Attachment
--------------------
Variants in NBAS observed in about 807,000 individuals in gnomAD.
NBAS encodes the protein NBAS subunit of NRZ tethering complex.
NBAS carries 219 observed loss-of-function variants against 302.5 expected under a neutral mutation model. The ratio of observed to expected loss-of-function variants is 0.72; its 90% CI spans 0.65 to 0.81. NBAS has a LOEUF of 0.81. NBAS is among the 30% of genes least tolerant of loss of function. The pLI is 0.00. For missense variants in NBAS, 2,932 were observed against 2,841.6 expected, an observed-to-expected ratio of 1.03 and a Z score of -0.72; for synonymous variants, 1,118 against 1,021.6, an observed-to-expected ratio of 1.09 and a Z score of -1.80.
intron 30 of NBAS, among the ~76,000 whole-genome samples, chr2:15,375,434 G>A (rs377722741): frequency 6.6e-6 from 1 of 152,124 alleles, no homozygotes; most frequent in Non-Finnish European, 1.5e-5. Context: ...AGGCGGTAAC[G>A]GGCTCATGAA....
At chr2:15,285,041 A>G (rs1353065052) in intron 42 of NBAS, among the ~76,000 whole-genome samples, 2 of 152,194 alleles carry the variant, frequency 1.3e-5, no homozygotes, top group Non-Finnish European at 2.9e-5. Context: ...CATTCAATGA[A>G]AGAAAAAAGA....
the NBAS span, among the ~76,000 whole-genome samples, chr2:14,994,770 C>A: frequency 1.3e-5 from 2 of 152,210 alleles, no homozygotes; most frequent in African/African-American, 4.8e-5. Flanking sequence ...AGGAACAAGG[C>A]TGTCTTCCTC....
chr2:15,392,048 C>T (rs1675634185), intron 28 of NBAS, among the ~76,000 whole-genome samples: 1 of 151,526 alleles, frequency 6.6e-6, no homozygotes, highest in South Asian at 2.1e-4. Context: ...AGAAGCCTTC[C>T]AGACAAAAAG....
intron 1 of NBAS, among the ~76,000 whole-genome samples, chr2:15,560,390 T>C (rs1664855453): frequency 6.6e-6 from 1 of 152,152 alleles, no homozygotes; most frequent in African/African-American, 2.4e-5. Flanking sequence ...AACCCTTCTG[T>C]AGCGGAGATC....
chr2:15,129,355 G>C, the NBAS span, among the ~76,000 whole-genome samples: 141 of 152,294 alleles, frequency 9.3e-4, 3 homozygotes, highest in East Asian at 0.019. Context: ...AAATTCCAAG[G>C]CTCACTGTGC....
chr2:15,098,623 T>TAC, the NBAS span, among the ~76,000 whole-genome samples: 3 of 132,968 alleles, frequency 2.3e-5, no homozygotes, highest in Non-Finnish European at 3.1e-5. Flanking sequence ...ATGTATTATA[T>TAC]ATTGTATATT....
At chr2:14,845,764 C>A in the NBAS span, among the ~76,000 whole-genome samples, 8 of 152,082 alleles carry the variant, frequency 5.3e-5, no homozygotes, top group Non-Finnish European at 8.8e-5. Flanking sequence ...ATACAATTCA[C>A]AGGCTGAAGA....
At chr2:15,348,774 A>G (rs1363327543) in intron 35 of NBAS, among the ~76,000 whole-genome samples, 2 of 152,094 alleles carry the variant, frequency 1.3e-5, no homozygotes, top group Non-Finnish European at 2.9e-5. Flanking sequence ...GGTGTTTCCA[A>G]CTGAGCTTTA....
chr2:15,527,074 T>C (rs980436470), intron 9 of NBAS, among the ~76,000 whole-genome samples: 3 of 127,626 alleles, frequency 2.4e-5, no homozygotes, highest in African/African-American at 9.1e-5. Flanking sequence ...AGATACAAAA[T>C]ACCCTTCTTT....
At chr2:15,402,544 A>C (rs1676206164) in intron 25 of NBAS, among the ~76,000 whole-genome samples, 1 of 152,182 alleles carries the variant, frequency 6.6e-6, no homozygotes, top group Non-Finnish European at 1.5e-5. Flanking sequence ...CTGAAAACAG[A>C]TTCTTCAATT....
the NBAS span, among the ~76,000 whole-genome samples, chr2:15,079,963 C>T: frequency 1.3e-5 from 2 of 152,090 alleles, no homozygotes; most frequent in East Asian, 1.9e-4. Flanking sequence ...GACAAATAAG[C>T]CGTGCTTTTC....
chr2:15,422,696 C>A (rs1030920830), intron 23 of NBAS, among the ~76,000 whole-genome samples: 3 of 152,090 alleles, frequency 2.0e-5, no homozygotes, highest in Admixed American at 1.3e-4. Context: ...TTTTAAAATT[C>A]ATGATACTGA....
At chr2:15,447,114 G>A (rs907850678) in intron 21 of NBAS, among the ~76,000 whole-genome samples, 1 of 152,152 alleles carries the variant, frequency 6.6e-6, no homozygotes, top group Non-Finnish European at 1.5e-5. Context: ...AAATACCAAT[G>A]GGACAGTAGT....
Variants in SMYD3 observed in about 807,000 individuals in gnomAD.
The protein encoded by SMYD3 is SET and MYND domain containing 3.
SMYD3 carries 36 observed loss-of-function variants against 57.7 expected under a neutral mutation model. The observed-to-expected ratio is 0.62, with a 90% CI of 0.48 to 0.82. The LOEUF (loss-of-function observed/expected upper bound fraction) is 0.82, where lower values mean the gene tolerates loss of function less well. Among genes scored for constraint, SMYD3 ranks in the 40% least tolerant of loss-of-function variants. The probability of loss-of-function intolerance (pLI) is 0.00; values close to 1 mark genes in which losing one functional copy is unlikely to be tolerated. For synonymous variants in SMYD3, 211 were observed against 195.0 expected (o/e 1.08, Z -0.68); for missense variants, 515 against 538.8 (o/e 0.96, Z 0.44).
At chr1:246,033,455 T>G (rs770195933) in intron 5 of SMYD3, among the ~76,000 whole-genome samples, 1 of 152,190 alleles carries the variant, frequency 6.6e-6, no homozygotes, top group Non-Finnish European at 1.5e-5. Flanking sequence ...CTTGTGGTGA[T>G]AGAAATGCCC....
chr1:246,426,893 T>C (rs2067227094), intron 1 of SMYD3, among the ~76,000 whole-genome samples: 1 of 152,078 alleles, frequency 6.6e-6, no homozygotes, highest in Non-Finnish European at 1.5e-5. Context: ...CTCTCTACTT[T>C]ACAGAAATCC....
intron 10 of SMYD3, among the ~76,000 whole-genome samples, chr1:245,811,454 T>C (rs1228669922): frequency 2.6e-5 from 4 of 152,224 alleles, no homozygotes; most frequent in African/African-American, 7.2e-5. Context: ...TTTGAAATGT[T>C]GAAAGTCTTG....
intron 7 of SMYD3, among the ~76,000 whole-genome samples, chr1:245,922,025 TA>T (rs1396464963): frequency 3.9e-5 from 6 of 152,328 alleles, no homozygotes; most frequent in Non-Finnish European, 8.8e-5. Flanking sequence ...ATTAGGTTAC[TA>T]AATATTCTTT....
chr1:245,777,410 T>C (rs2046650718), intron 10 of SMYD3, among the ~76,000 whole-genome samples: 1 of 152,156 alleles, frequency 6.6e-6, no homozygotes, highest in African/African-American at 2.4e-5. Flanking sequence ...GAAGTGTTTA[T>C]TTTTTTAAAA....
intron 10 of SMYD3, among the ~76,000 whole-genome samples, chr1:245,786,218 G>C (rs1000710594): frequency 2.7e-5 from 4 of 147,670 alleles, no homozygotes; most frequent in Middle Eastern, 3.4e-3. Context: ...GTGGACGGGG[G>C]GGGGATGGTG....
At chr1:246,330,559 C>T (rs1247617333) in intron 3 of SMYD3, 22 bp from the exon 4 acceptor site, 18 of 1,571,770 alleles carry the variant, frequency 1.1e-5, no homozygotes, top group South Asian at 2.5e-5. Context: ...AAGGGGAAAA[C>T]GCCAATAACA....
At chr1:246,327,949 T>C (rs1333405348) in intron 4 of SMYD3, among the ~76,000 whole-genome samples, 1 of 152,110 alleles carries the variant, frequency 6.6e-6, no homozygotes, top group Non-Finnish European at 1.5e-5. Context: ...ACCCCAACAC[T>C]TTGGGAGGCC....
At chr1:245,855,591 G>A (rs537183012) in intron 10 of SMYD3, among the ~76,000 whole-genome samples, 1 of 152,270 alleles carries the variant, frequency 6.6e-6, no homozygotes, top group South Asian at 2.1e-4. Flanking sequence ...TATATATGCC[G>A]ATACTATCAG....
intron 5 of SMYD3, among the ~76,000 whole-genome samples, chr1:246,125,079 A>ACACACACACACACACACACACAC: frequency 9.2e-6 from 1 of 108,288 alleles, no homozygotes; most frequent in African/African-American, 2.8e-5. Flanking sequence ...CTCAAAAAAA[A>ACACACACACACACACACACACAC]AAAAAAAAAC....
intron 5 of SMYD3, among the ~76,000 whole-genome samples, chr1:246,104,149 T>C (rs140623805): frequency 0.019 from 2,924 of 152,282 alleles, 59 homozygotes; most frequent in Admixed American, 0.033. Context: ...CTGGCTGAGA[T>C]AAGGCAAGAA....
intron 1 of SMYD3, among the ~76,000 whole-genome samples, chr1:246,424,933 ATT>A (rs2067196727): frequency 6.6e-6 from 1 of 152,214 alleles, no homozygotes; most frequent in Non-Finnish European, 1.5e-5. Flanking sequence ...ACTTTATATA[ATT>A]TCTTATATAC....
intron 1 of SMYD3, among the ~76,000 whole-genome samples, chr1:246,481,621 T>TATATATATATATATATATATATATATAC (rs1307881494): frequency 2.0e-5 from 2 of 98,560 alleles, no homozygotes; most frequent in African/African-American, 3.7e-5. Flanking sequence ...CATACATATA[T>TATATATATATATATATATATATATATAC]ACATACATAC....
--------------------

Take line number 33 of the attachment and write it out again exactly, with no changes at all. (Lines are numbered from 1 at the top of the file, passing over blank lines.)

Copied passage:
intron 1 of SMYD3, among the ~76,000 whole-genome samples, chr1:246,481,621 T>TATATATATATATATATATATATATATAC (rs1307881494): frequency 2.0e-5 from 2 of 98,560 alleles, no homozygotes; most frequent in African/African-American, 3.7e-5. Flanking sequence ...CATACATATA[T>TATATATATATATATATATATATATATAC]ACATACATAC....